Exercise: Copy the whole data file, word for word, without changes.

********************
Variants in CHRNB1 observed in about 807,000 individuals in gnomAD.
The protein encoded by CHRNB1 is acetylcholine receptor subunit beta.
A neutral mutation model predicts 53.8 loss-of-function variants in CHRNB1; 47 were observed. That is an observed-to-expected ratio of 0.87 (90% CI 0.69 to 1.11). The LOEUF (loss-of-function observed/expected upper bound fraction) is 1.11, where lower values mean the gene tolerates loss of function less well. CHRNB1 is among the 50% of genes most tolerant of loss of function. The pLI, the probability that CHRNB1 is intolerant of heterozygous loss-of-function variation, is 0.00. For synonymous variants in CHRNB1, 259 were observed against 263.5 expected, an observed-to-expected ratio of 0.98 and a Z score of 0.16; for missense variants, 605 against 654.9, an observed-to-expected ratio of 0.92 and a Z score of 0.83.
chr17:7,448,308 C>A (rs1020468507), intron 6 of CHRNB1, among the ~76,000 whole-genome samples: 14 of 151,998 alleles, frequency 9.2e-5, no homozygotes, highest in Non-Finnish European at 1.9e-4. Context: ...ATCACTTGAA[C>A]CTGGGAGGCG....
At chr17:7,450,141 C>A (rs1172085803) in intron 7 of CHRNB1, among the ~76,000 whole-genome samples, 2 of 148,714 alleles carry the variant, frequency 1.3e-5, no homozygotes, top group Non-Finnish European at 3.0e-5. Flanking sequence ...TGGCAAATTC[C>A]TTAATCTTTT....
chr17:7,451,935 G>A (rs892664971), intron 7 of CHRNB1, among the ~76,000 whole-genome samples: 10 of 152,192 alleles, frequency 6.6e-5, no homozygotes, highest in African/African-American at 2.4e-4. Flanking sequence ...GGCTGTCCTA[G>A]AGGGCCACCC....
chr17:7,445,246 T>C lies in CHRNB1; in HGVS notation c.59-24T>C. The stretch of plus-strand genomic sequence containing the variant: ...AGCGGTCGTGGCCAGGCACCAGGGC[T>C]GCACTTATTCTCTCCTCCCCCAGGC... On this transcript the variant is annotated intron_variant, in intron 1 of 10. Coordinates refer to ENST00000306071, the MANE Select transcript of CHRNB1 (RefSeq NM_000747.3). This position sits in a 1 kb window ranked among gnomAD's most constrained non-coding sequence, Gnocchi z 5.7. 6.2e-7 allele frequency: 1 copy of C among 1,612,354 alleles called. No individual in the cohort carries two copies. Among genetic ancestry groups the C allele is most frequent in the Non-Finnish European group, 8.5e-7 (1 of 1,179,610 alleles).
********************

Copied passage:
Variants in CHRNB1 observed in about 807,000 individuals in gnomAD.
The protein encoded by CHRNB1 is acetylcholine receptor subunit beta.
A neutral mutation model predicts 53.8 loss-of-function variants in CHRNB1; 47 were observed. That is an observed-to-expected ratio of 0.87 (90% CI 0.69 to 1.11). The LOEUF (loss-of-function observed/expected upper bound fraction) is 1.11, where lower values mean the gene tolerates loss of function less well. CHRNB1 is among the 50% of genes most tolerant of loss of function. The pLI, the probability that CHRNB1 is intolerant of heterozygous loss-of-function variation, is 0.00. For synonymous variants in CHRNB1, 259 were observed against 263.5 expected, an observed-to-expected ratio of 0.98 and a Z score of 0.16; for missense variants, 605 against 654.9, an observed-to-expected ratio of 0.92 and a Z score of 0.83.
chr17:7,448,308 C>A (rs1020468507), intron 6 of CHRNB1, among the ~76,000 whole-genome samples: 14 of 151,998 alleles, frequency 9.2e-5, no homozygotes, highest in Non-Finnish European at 1.9e-4. Context: ...ATCACTTGAA[C>A]CTGGGAGGCG....
At chr17:7,450,141 C>A (rs1172085803) in intron 7 of CHRNB1, among the ~76,000 whole-genome samples, 2 of 148,714 alleles carry the variant, frequency 1.3e-5, no homozygotes, top group Non-Finnish European at 3.0e-5. Flanking sequence ...TGGCAAATTC[C>A]TTAATCTTTT....
chr17:7,451,935 G>A (rs892664971), intron 7 of CHRNB1, among the ~76,000 whole-genome samples: 10 of 152,192 alleles, frequency 6.6e-5, no homozygotes, highest in African/African-American at 2.4e-4. Flanking sequence ...GGCTGTCCTA[G>A]AGGGCCACCC....
chr17:7,445,246 T>C lies in CHRNB1; in HGVS notation c.59-24T>C. The stretch of plus-strand genomic sequence containing the variant: ...AGCGGTCGTGGCCAGGCACCAGGGC[T>C]GCACTTATTCTCTCCTCCCCCAGGC... On this transcript the variant is annotated intron_variant, in intron 1 of 10. Coordinates refer to ENST00000306071, the MANE Select transcript of CHRNB1 (RefSeq NM_000747.3). This position sits in a 1 kb window ranked among gnomAD's most constrained non-coding sequence, Gnocchi z 5.7. 6.2e-7 allele frequency: 1 copy of C among 1,612,354 alleles called. No individual in the cohort carries two copies. Among genetic ancestry groups the C allele is most frequent in the Non-Finnish European group, 8.5e-7 (1 of 1,179,610 alleles).